The National Assembly of Pakistan is the country's sovereign legislative body. It embodies the will of the people to let themselves be governed under the democratic, multi-party Federal Parliamentary System. The National Assembly makes laws for the Federation in respect of the powers enumerated in the Federal Legislative list. Through its debates, adjournment motion, question hour and Standing Committees, the National Assembly keeps as check over the Executive and ensures that the government functions within the parameters set out in the Constitution and does not violate the fundamental rights of citizens. Only the National Assembly, through its Public Accounts Committee, scrutinizes public spending and exercises control of expenditure incurred by the government.
The Islamic Republic of Pakistan is a Federal State comprising four provinces of Balochistan, the Khyber Pakhtunkhwa, the Punjab and Sindh; Islamabad is the Federal Capital with Federally Administered Tribal Areas (FATA). These federating units offer a lot of diversity and variety in terms of languages, levels of social and economic development, population density and climatic conditions.
The Members of the National Assembly are to be elected by direct and free vote in accordance with law.
Article 50 of the Constitution provides that the Parliament of Pakistan shall consist of President and the two Houses known as the National Assembly and the Senate. The National Assembly has an edge over the Senate by legislating exclusively on money matters. With exception to money Bills, however, both the Houses work together to carryout the basic work of the Parliament, i.e. law making.
The Bill relating to the Federal Legislative List can be originated in either House. If the House passed the Bill through majority vote, it shall be transmitted to the other House. If the other House passes it witdout amendment, it shall be presented to the President for assent.
If the Bill, transmitted to the other House, is not passed within ninety days or rejected, it shall be considered in a joint sitting to be summoned by the President on the request of the House in which the Bill was originated. If the Bill is passed in the joint sitting, with or without amendments, by the votes of majority of the members of the two Houses, it shall be presented to the President for assent.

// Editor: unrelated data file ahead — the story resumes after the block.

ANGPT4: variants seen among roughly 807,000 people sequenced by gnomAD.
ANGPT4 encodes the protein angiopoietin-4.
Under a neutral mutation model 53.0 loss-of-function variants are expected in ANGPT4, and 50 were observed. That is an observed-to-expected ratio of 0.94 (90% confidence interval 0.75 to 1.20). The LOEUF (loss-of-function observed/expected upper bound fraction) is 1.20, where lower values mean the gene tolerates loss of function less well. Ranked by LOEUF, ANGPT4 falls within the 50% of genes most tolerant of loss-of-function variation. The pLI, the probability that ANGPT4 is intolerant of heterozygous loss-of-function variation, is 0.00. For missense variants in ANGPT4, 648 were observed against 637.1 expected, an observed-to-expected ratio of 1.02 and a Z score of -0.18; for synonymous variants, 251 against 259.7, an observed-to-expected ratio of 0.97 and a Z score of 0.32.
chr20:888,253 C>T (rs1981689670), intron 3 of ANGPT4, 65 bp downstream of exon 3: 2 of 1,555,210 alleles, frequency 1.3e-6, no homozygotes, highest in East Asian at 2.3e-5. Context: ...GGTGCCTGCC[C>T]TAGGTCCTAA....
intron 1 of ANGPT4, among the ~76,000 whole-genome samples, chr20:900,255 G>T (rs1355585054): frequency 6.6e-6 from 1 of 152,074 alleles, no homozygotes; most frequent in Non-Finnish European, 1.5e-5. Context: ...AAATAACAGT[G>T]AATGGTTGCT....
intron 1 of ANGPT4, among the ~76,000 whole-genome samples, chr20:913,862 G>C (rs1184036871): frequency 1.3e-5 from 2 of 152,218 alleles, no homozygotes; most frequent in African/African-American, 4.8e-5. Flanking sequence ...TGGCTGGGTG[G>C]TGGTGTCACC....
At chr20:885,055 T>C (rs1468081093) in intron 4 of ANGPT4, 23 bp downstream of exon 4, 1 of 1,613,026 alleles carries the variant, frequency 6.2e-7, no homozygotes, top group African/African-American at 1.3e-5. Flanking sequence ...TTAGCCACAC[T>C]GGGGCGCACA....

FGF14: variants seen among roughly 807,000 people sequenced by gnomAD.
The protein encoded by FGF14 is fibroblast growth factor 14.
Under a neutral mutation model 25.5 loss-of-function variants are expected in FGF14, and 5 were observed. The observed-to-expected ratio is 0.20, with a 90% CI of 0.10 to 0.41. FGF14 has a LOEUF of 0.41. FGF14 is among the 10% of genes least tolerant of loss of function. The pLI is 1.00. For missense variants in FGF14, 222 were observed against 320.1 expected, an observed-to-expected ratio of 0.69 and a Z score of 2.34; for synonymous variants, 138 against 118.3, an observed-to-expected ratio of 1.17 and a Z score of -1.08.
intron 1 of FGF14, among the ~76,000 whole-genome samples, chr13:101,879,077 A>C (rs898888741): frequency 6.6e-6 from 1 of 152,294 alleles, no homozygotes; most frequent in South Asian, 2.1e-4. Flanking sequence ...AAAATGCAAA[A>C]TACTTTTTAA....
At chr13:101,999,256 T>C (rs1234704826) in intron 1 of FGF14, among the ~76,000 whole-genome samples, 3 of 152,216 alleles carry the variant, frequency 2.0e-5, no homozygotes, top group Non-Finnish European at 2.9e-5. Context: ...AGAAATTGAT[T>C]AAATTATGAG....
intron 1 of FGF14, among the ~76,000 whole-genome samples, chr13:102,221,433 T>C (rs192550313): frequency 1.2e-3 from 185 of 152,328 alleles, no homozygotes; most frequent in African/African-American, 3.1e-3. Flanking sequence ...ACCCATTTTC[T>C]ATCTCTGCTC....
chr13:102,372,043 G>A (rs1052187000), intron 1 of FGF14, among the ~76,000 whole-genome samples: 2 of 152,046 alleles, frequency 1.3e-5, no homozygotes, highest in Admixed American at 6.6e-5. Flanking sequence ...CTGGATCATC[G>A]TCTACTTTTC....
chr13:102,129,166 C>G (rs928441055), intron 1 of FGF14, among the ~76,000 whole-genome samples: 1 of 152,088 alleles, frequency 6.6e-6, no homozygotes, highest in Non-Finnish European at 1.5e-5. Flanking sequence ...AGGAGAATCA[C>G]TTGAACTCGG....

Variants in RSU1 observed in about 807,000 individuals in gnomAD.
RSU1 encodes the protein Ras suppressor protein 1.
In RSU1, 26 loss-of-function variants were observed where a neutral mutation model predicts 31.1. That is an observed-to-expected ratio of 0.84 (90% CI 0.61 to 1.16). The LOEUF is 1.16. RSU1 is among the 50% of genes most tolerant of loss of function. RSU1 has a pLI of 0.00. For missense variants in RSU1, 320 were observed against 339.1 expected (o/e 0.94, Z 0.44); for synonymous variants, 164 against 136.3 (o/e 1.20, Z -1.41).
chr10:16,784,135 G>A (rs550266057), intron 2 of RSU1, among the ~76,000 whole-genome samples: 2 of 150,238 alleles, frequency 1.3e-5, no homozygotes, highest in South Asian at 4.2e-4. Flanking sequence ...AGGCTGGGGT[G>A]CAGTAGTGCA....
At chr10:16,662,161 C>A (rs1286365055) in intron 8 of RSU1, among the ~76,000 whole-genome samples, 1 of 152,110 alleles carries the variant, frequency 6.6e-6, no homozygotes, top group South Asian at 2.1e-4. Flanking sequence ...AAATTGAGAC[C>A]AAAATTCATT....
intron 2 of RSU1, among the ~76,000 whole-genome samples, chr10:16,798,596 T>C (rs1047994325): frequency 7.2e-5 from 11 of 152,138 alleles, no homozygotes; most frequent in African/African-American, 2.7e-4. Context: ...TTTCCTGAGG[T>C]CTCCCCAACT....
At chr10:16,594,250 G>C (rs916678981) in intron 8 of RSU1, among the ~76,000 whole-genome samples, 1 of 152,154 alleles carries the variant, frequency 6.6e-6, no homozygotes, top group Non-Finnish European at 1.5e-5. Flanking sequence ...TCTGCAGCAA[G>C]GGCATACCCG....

If the Bill is presented to the President for assent, he shall assent to the Bill in not later than ten days.If it is not a Money Bill, the President may return the Bill to the Majlis-e-Shoora with a message requesting that the Bill be reconsidered and that an amendment specified in the message be considered. The Majlis-e-Shoora shall reconsider the Bill in a joint sitting.If the Bill is passed again, with or without amendment, by vote of the majority of the members present and voting, it shall be presented to the President and the President shall give his assent within ten days; failing which such assent shall be deemed to have been given.
Under the Constitution, the Parliament may also legislate for two or more Provinces by consent and request made by those Provinces. If the Federal Government proclaims State of Emergency in any province, the power to legislate about that province is vested in the Parliament.But the Bills passed by the Parliament during the State of Emergency, shall cease to be in force after the expiration of six months from the date Emergency is lifted. Nevertheless, the steps already taken under these Acts shall remain valid.
In exercises of its constitutional role, the Parliament also has other very important duties to perform.The President, who is at the apex, is elected by members of both Houses of the Parliament and the Provincial Assemblies. The Prime Minister, who heads the Cabinet and is meant to aid and advise the President in his functions, belongs to the National Assembly. He enjoys the confidence of the majority of the members of the National Assembly. Members of the Cabinet are appointed by the President on the advice of the Prime Minister.
In the formation of the Cabinet the major portion (75%), goes to National Assembly while the rest (25%) are taken from the Senate.
There is a democratic procedure to remove the Prime Minister from his office if he loses confidence of the majority of the members of the National Assembly. In this respect a resolution for a vote of no-confidence is moved by not less then 20% of the total membership of the National Assembly. If the resolution is passed by majority of the total membership of the National Assembly, the Prime Minister immediately relinquished powers.
Similarly, for the removal or impeachment of the President, not less than one-half of the total membership of either House may give in writing its intention to do so, to the Speaker National Assembly, or, as the case may be, to the Chairman Senate, for moving a resolution for the purpose. In a joint sitting of the two Houses, convened for the purpose, and after the deliberations, if the resolution is passed by the votes of not less than two thirds of the total membership of the Parliament, the President shall cease to hold office immediately on the passing of the resolution.
In case emergency is proclaimed, the Parliament holds the authority to extend the term of the National Assembly. Under the Constitution, the Parliament may also, on the request of the Federal Government, by law, confer functions upon officers or authorities subordinate to the Federal Government.